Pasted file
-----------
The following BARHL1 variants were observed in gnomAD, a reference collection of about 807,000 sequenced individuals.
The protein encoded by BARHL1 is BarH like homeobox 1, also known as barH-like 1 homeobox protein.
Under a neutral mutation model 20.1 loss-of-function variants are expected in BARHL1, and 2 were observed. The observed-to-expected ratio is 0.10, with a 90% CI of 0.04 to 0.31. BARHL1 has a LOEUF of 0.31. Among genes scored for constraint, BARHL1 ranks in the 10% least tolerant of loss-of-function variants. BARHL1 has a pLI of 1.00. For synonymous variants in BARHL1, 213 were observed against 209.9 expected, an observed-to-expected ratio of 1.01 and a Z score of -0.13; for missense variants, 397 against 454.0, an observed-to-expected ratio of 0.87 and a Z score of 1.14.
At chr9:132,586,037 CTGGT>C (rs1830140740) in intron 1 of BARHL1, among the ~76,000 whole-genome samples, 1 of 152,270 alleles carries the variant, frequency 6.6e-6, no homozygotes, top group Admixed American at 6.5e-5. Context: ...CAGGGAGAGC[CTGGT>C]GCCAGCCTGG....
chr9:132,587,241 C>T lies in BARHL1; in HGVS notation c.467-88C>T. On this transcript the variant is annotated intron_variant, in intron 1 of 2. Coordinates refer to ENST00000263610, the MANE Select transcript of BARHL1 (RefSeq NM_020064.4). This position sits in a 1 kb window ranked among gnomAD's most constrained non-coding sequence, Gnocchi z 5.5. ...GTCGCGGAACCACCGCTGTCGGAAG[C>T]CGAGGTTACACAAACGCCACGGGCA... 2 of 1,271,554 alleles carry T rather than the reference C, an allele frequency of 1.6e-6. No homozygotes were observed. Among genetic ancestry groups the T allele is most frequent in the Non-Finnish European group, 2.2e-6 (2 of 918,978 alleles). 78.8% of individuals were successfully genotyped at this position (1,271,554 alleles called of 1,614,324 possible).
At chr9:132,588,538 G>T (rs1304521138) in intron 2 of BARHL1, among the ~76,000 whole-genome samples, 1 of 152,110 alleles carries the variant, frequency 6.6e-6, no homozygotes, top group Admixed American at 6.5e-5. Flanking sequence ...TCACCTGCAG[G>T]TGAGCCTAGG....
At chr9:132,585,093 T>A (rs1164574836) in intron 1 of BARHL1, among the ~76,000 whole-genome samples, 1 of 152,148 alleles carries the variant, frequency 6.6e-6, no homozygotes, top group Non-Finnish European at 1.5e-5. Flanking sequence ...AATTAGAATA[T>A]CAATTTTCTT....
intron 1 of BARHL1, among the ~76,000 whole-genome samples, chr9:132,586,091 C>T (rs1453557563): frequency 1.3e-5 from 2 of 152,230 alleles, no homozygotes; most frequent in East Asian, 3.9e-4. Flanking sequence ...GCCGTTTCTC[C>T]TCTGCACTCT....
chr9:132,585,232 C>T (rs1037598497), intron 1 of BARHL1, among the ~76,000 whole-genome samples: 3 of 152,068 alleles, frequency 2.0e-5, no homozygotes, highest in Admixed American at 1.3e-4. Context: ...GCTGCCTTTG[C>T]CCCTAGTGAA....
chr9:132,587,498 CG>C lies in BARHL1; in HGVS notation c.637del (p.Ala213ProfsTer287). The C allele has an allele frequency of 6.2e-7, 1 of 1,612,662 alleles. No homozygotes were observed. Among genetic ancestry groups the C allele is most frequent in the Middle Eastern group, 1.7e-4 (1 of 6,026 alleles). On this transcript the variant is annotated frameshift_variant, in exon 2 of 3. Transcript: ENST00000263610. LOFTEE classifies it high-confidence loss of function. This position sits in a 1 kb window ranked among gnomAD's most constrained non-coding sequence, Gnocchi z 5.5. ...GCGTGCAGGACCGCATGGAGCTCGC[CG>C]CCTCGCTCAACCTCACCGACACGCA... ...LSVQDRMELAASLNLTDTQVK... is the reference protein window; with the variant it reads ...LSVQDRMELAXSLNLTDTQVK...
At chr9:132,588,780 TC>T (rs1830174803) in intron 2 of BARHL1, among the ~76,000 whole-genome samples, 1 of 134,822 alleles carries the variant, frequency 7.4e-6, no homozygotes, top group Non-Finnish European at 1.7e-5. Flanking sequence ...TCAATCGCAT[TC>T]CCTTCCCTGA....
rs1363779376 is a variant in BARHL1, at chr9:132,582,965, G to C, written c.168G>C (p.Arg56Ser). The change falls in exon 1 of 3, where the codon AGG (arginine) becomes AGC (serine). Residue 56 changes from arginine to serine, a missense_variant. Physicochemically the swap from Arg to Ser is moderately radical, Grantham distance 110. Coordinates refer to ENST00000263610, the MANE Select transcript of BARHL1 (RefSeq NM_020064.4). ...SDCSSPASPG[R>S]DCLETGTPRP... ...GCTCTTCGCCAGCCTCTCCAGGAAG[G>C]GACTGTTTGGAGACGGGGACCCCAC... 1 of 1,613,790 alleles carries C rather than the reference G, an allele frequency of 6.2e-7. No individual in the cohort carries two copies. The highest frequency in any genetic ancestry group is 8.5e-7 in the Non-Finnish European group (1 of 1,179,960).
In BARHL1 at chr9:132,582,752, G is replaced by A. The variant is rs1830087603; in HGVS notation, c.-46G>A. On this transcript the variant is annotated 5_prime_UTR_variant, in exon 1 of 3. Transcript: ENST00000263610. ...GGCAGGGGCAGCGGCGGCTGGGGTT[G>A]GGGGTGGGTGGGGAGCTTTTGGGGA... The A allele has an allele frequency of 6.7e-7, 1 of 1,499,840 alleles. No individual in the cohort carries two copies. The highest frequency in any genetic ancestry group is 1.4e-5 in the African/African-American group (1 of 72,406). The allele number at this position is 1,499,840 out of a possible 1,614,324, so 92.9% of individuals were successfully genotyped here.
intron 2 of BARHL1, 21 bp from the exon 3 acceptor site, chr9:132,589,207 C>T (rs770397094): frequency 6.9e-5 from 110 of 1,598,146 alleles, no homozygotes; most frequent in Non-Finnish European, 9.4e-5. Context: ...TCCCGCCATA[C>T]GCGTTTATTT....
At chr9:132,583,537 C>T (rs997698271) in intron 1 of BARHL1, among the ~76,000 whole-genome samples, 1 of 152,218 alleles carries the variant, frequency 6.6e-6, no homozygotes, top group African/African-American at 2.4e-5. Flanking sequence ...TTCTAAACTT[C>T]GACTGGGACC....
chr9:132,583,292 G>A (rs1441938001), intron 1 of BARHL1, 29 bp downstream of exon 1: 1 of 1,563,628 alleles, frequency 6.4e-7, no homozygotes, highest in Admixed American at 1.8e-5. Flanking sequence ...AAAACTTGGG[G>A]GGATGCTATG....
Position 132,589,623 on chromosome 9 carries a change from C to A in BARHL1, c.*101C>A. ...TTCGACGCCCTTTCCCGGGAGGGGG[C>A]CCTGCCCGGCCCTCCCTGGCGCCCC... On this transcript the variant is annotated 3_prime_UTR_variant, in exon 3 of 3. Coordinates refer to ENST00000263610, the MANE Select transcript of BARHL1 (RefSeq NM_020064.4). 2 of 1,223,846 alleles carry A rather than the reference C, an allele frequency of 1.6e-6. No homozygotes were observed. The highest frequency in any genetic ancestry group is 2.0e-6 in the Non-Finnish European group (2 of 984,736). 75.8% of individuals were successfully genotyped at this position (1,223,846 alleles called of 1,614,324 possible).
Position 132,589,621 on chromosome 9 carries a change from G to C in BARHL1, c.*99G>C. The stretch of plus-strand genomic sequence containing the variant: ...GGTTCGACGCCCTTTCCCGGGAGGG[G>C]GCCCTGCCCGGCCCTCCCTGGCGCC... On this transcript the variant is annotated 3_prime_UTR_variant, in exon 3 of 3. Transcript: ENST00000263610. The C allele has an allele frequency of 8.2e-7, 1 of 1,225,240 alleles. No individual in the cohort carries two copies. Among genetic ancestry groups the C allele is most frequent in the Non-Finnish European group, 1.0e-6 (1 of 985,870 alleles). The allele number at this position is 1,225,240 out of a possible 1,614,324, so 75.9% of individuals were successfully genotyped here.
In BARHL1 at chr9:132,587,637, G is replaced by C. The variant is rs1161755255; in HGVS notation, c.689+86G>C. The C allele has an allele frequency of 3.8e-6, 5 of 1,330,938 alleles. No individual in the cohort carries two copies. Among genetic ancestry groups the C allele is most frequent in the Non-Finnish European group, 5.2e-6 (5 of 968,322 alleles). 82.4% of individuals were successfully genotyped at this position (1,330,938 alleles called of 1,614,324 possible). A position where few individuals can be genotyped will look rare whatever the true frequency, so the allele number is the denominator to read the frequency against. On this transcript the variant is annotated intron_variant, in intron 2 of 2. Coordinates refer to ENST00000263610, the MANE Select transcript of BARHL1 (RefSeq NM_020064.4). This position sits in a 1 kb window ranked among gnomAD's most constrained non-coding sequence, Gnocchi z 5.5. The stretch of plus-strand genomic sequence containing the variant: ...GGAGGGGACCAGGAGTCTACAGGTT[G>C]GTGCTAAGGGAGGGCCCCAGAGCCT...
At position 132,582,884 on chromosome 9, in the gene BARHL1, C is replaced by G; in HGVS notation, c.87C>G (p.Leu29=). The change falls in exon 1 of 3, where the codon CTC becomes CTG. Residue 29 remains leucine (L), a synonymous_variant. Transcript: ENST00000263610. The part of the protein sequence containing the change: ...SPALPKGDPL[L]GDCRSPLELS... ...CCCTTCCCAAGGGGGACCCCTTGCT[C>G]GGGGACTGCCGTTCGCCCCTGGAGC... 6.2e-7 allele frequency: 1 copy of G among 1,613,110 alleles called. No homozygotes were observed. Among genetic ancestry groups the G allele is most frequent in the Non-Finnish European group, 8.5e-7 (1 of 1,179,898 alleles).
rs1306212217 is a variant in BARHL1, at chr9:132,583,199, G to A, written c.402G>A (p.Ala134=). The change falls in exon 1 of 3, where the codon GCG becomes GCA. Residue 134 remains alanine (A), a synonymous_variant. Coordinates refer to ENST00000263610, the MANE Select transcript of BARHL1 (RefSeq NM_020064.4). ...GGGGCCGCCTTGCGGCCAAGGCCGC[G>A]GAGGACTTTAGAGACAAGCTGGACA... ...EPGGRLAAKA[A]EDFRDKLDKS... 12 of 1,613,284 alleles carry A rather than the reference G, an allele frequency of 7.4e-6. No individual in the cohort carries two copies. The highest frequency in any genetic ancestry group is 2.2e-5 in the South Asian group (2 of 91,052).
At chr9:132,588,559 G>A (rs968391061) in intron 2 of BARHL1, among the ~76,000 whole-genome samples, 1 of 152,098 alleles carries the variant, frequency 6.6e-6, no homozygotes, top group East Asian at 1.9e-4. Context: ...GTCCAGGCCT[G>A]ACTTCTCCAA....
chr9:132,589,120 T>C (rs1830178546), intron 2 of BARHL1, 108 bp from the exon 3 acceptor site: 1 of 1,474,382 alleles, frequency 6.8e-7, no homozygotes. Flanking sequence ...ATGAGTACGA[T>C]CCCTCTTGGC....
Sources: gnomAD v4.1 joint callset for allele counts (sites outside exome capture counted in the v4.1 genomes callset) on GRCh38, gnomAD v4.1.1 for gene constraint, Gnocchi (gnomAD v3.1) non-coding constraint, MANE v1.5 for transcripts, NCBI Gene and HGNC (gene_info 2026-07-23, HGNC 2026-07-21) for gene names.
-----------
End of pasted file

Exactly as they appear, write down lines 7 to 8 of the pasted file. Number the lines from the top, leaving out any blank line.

At chr9:132,585,093 T>A (rs1164574836) in intron 1 of BARHL1, among the ~76,000 whole-genome samples, 1 of 152,148 alleles carries the variant, frequency 6.6e-6, no homozygotes, top group Non-Finnish European at 1.5e-5. Flanking sequence ...AATTAGAATA[T>A]CAATTTTCTT....
intron 1 of BARHL1, among the ~76,000 whole-genome samples, chr9:132,586,091 C>T (rs1453557563): frequency 1.3e-5 from 2 of 152,230 alleles, no homozygotes; most frequent in East Asian, 3.9e-4. Flanking sequence ...GCCGTTTCTC[C>T]TCTGCACTCT....